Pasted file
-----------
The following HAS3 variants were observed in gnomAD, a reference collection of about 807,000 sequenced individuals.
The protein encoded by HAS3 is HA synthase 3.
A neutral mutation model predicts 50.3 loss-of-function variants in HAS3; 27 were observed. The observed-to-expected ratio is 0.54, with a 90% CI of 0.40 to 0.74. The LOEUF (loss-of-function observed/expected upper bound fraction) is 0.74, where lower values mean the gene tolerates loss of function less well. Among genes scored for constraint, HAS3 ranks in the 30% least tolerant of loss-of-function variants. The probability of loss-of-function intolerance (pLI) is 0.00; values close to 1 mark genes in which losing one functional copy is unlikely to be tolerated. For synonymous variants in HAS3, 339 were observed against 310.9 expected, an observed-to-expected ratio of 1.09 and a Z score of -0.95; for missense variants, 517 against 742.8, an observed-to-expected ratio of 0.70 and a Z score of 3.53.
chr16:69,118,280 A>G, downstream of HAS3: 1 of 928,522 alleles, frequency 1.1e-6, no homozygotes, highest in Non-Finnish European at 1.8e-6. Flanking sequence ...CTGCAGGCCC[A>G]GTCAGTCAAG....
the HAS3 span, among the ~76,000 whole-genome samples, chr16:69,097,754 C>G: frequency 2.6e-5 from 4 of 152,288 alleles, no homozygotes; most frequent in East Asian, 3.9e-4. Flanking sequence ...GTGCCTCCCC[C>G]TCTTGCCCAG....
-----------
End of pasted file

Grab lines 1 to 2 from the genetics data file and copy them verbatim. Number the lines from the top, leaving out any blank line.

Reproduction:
The following HAS3 variants were observed in gnomAD, a reference collection of about 807,000 sequenced individuals.
The protein encoded by HAS3 is HA synthase 3.